Many college classes tend to focus on certain learning styles. Instructors in large lecture classes, for example, generally emphasize listening carefully and reading well. Don’t worry, however, if these are not your particular strengths, for much of this book focuses on learning study skills and other college skills related to these activities. Take responsibility for your own learning, rather than expecting the instructor to help you through the subject in your own personal way. For example, if you are a visual learner but your instructor simply stands at a podium and lectures, then provide your own visual stimulation by sketching concept maps in your notes or by visualizing how information being presented might look in a pie chart or graph. For more information, see Chapter 4 “Listening, Taking Notes, and Remembering”.

As you move further into your college curriculum, you will likely have more small classes with class discussions, demonstrations, group presentations, and other learning activities. Once you are in classes closely related to a career path that interests you, you will find your personal style more relevant to the kinds of material you will be learning.

Much learning in college also comes from interactions with others, who often have different learning styles. Be open to interacting with other students and instructors who are different from you, and you will find yourself learning in ways that may be new to you.

Finally, if a genuine mismatch is occurring between your learning style and your instructor’s teaching style to the extent that you may not succeed in a course, talk to your instructor privately during office hours. You can explain how you best learn and ask for suggestions about other resources that may help you.

Key Takeaways

  • People learn through a four-step process, and you can maximize your learning by conscientiously applying all steps throughout college.
  • The first step of the learning cycle is to prepare in advance for classes, reading, tests, and other learning.
  • The second step is to absorb information and ideas effectively during classes, reading, and other learning experiences.
  • The third step, capturing, typically involves taking notes on the learning experience to increase understanding and retention.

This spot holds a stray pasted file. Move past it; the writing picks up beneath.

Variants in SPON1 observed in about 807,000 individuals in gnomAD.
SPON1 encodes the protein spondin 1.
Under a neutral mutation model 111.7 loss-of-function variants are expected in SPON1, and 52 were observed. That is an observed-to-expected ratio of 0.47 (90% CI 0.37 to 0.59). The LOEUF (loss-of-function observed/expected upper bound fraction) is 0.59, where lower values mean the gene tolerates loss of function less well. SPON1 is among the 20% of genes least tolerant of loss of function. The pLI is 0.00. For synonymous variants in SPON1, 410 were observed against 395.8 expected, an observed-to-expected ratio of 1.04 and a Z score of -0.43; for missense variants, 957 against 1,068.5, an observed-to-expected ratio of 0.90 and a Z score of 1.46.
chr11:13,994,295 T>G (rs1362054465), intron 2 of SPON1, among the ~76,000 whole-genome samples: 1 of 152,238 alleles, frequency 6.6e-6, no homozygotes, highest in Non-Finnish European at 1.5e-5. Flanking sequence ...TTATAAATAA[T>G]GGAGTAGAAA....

• The fourth step is to review your notes, to help solidify the learning and to prepare for repeating the cycle in the next class or reading assignment.
  • People have natural learning preferences, affecting how they learn best, such as learning by reading, by listening, by seeing, by doing, and by feeling.
  • Students should learn how to use their own learning style to their best advantage while also becoming flexible and working to develop other learning styles.
  • Because your learning style may not match your instructor’s teaching style, you need to be flexible and work to develop new learning strategies essential for college success.

Checkpoint Exercises

  1. Number each the following actions to put them in the correct order of the four steps of the learning cycle:

    • ___ Review your class notes to make sure you understand.
    • ___ Listen carefully to what your instructor says.
    • ___ Prepare for today’s class by looking over your notes on the reading you did for today.
    • ___ Take effective notes.
  2. How would you describe your personal learning style?


    Name an activity from which you generally learn very well.


    Name a type of learning experience you may have difficulty with.


    For the activity above, list at least two strategies you can use to improve your learning effectiveness when in that situation next time.



  3. If you experience a situation in which your personal learning style seems to clash hopelessly with an instructor’s teaching style, what is your best course of action?

    1. Ask the instructor to teach in a different way.
    2. Drop the class.
    3. Adapt your style or study with other students.
    4. Complain to the dean.

This is a derivative of College Success by a publisher who has requested that they and the original author not receive attribution, which was originally released and is used under CC BY-NC-SA. This work, unless otherwise expressly stated, is licensed under a Creative Commons Attribution-NonCommercial-ShareAlike 4.0 International License.